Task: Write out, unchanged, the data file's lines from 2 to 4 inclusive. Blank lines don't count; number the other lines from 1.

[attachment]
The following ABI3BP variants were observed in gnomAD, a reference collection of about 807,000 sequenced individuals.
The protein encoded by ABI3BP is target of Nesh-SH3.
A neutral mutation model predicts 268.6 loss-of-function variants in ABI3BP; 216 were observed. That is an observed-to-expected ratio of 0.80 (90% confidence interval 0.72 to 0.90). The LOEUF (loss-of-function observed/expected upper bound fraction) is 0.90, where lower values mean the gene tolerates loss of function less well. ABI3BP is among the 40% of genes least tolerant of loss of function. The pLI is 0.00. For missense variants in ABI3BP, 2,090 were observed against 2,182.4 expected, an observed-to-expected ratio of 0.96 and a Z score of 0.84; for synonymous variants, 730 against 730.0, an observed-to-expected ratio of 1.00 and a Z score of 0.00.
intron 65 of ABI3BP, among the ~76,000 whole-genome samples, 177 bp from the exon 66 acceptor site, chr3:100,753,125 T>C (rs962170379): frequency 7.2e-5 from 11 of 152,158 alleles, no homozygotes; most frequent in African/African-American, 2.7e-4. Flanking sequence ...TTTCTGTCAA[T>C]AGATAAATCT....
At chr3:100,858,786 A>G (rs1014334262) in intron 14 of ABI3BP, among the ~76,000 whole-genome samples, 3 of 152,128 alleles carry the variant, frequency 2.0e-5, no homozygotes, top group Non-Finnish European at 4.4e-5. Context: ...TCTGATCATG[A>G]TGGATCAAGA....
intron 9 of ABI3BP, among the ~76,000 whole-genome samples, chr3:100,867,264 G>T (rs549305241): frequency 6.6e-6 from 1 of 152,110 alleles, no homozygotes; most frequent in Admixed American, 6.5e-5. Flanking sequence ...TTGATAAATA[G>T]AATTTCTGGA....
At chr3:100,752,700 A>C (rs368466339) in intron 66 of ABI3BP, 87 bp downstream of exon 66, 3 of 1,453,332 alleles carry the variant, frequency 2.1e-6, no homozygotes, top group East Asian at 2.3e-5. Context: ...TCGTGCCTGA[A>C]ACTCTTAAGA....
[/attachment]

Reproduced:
The protein encoded by ABI3BP is target of Nesh-SH3.
A neutral mutation model predicts 268.6 loss-of-function variants in ABI3BP; 216 were observed. That is an observed-to-expected ratio of 0.80 (90% confidence interval 0.72 to 0.90). The LOEUF (loss-of-function observed/expected upper bound fraction) is 0.90, where lower values mean the gene tolerates loss of function less well. ABI3BP is among the 40% of genes least tolerant of loss of function. The pLI is 0.00. For missense variants in ABI3BP, 2,090 were observed against 2,182.4 expected, an observed-to-expected ratio of 0.96 and a Z score of 0.84; for synonymous variants, 730 against 730.0, an observed-to-expected ratio of 1.00 and a Z score of 0.00.
intron 65 of ABI3BP, among the ~76,000 whole-genome samples, 177 bp from the exon 66 acceptor site, chr3:100,753,125 T>C (rs962170379): frequency 7.2e-5 from 11 of 152,158 alleles, no homozygotes; most frequent in African/African-American, 2.7e-4. Flanking sequence ...TTTCTGTCAA[T>C]AGATAAATCT....